Federal government provides $300,000 funding for seminal project to assist Black youth in crisis.

Federal government provides $300,000 funding for  seminal project  to assist Black youth in crisis.

Andrea Clarke, executive director of Head and Hands frames Project STAY

By Egbert Gaye

The way Andrea Clarke sees it an ever-expanding cross section of Black and Indigenous youth who are caught in the web of the child welfare or youth protection services are facing a crisis situation.
She says many of these youth of color, including those who identify as Black LGBTQ+ are often “actively undermined by the institutions that were supposed to support and elevate them.”
And as such many of them are being placed on a path that leads to mental illness or disorder. She says pointing to statistics that show foster youth are 2-4 times more likely to suffer from mental health disorders compared to peers of the same age in the general population.
Clarke is the executive director of Head and Hands, an NDG-based organization providing medical, legal and social services to Montreal youth. A position she has held for the past four years after diverting from a career path that was leading to science.
She holds a Bachelor’s of Science (Specialization in Cell & Molecular Biology) and a Master of Science (Biochemistry) as well as an MBA, all from Concordia University.
Still a scientist at heart, Clarke says her energy kept bringing her back to the public health arena and community service where her expertise is more valued.
And as such, she was the force behind Project STAY (Storytelling, Training, Advocacy, and Youth drop-in) a comprehensive program geared towards “strengthening the ecosystems” of those who are “facing involvement with child welfare or protective services.”
On Wednesday, September 4, Marc Garneau, minister of Transport and MP for Notre Dame de Grace-Westmount dropped by the offices of Head and Hands to deliver a $300,000 cheque to fund the project over the next three years, on behalf of Ginette Petitpas-Taylor, minister of Health, who recognizes the devastating impact those challenges can have on mental health issues in Black communities across Canada.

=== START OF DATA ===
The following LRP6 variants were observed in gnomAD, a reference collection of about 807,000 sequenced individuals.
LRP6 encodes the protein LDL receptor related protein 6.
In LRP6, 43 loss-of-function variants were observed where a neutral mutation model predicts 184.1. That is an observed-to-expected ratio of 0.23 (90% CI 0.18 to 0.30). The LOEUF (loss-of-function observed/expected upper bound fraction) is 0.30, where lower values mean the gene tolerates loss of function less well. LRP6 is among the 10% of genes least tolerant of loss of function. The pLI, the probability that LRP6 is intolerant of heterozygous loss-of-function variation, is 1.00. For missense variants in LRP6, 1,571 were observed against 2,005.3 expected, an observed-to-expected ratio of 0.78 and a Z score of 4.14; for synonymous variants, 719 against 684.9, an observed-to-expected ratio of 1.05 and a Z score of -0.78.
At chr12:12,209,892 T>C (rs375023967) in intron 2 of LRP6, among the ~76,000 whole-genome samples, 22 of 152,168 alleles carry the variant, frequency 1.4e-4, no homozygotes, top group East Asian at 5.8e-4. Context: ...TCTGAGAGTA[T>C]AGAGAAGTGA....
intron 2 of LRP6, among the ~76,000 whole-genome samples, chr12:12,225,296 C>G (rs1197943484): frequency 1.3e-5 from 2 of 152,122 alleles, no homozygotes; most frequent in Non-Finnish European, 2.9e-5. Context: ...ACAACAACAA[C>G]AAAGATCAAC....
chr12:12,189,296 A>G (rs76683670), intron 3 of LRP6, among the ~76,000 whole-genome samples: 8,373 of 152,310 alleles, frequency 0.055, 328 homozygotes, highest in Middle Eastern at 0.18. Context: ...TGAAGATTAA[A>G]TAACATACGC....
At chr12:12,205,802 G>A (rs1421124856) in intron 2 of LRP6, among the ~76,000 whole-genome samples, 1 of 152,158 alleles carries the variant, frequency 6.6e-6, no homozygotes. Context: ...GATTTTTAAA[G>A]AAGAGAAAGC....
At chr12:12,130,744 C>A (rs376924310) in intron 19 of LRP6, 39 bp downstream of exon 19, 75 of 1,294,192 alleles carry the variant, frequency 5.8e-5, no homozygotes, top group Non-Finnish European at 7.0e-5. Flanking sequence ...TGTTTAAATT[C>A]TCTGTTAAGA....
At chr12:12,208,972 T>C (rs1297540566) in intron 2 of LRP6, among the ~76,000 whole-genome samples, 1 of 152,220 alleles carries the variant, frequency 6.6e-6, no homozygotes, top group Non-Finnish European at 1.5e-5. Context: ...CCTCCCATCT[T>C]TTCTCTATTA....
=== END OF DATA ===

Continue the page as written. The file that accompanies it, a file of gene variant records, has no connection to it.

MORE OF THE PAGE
“Black Canadian communities face unique challenges when it comes to maintaining positive mental health and accessing appropriate supports. The funding announced today is one way the Government of Canada is helping Canadians, no matter where they live or who they are, to have access to quality mental health supports and resources that meet their needs,” she stated.
For his part Garneau is hoping that the project will have long-term impact on its target group.
“Today’s funding will support programs that will empower marginalized Black youth who are youth in care by training community workers to better serve these youth and helping youth better navigate institutions and services. The community will benefit from today’s federal investment and will be better served by improved understanding of the mental well-being of marginalized Black youth. The government of Canada defends an equal society where Black youth of all genders have no need to struggle for the rights and freedoms we all deserve.”
In framing the project, Clarke says it’s important to draw from the experiences of those young people who are living those challenges.
“It’s critical that the voice of youth be centered throughout any process that involves them, and that there is a continuity of culturally relevant, youth-focused care that is provided.”
She says Project STAY will be delivered in two phases.
Phase 1 will focus on developing trainings for community workers and establishing programs for youth in care. One series of trainings will target community workers (e.g., teachers, youth workers, hospital workers) to develop their capacity to work with Black youth facing multiple forms of marginalization.
Additional trainings will be developed for Black youth to foster their ability to navigate institutions and services. In Phase 2, the trainings that were developed for community workers and Black youth will be disseminated and delivered to them through workshops, events, and training sessions.
This project will be the first of its kind in Canada and could provide Health Canada with national guidelines for the care of Black youth in youth protective services once completed.